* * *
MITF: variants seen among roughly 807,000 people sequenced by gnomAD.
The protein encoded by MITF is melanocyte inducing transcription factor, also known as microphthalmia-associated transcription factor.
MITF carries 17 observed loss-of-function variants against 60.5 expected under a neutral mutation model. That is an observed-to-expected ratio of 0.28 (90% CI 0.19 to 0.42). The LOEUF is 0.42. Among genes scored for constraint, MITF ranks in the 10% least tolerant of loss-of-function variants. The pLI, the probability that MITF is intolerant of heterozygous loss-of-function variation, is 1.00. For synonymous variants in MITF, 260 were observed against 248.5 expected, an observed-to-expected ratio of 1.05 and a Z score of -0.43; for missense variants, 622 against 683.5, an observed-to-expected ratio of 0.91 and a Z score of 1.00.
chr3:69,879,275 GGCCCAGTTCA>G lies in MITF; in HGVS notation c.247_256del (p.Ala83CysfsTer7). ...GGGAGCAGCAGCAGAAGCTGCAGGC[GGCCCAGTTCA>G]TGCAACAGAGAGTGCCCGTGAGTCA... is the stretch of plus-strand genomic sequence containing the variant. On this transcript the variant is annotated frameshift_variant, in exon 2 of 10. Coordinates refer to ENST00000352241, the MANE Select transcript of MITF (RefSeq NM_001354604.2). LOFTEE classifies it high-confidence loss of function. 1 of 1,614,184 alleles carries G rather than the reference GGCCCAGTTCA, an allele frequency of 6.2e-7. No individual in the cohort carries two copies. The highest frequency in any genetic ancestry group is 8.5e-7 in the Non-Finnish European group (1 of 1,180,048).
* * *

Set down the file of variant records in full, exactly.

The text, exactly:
MITF: variants seen among roughly 807,000 people sequenced by gnomAD.
The protein encoded by MITF is melanocyte inducing transcription factor, also known as microphthalmia-associated transcription factor.
MITF carries 17 observed loss-of-function variants against 60.5 expected under a neutral mutation model. That is an observed-to-expected ratio of 0.28 (90% CI 0.19 to 0.42). The LOEUF is 0.42. Among genes scored for constraint, MITF ranks in the 10% least tolerant of loss-of-function variants. The pLI, the probability that MITF is intolerant of heterozygous loss-of-function variation, is 1.00. For synonymous variants in MITF, 260 were observed against 248.5 expected, an observed-to-expected ratio of 1.05 and a Z score of -0.43; for missense variants, 622 against 683.5, an observed-to-expected ratio of 0.91 and a Z score of 1.00.
chr3:69,879,275 GGCCCAGTTCA>G lies in MITF; in HGVS notation c.247_256del (p.Ala83CysfsTer7). ...GGGAGCAGCAGCAGAAGCTGCAGGC[GGCCCAGTTCA>G]TGCAACAGAGAGTGCCCGTGAGTCA... is the stretch of plus-strand genomic sequence containing the variant. On this transcript the variant is annotated frameshift_variant, in exon 2 of 10. Coordinates refer to ENST00000352241, the MANE Select transcript of MITF (RefSeq NM_001354604.2). LOFTEE classifies it high-confidence loss of function. 1 of 1,614,184 alleles carries G rather than the reference GGCCCAGTTCA, an allele frequency of 6.2e-7. No individual in the cohort carries two copies. The highest frequency in any genetic ancestry group is 8.5e-7 in the Non-Finnish European group (1 of 1,180,048).